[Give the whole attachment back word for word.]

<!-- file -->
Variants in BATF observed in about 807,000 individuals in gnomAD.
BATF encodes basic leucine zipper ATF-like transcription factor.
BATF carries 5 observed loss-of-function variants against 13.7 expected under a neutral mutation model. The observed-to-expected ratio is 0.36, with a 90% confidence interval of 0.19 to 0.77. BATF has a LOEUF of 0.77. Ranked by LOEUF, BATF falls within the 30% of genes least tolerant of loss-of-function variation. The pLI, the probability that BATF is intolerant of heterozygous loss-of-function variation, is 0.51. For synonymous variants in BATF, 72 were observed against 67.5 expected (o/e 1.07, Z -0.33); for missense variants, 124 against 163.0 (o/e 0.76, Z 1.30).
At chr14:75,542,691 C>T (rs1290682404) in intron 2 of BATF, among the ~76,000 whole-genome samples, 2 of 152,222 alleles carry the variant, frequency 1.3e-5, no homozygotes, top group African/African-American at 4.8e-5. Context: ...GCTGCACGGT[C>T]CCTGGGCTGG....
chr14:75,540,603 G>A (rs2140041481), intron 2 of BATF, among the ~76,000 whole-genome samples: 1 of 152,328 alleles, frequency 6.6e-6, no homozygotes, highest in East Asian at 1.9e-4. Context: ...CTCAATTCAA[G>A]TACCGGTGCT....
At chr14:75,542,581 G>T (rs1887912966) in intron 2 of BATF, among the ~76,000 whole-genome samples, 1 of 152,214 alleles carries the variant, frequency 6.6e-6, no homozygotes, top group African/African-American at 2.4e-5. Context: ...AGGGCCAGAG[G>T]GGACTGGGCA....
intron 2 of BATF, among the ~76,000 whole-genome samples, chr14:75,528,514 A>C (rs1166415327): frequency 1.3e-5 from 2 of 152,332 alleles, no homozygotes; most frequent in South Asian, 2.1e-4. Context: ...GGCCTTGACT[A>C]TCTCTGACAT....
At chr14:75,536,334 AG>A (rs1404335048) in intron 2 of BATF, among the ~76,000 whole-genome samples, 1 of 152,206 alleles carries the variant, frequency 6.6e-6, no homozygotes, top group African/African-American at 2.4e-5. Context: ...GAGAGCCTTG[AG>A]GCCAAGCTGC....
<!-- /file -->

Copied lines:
Variants in BATF observed in about 807,000 individuals in gnomAD.
BATF encodes basic leucine zipper ATF-like transcription factor.
BATF carries 5 observed loss-of-function variants against 13.7 expected under a neutral mutation model. The observed-to-expected ratio is 0.36, with a 90% confidence interval of 0.19 to 0.77. BATF has a LOEUF of 0.77. Ranked by LOEUF, BATF falls within the 30% of genes least tolerant of loss-of-function variation. The pLI, the probability that BATF is intolerant of heterozygous loss-of-function variation, is 0.51. For synonymous variants in BATF, 72 were observed against 67.5 expected (o/e 1.07, Z -0.33); for missense variants, 124 against 163.0 (o/e 0.76, Z 1.30).
At chr14:75,542,691 C>T (rs1290682404) in intron 2 of BATF, among the ~76,000 whole-genome samples, 2 of 152,222 alleles carry the variant, frequency 1.3e-5, no homozygotes, top group African/African-American at 4.8e-5. Context: ...GCTGCACGGT[C>T]CCTGGGCTGG....
chr14:75,540,603 G>A (rs2140041481), intron 2 of BATF, among the ~76,000 whole-genome samples: 1 of 152,328 alleles, frequency 6.6e-6, no homozygotes, highest in East Asian at 1.9e-4. Context: ...CTCAATTCAA[G>A]TACCGGTGCT....
At chr14:75,542,581 G>T (rs1887912966) in intron 2 of BATF, among the ~76,000 whole-genome samples, 1 of 152,214 alleles carries the variant, frequency 6.6e-6, no homozygotes, top group African/African-American at 2.4e-5. Context: ...AGGGCCAGAG[G>T]GGACTGGGCA....
intron 2 of BATF, among the ~76,000 whole-genome samples, chr14:75,528,514 A>C (rs1166415327): frequency 1.3e-5 from 2 of 152,332 alleles, no homozygotes; most frequent in South Asian, 2.1e-4. Context: ...GGCCTTGACT[A>C]TCTCTGACAT....
At chr14:75,536,334 AG>A (rs1404335048) in intron 2 of BATF, among the ~76,000 whole-genome samples, 1 of 152,206 alleles carries the variant, frequency 6.6e-6, no homozygotes, top group African/African-American at 2.4e-5. Context: ...GAGAGCCTTG[AG>A]GCCAAGCTGC....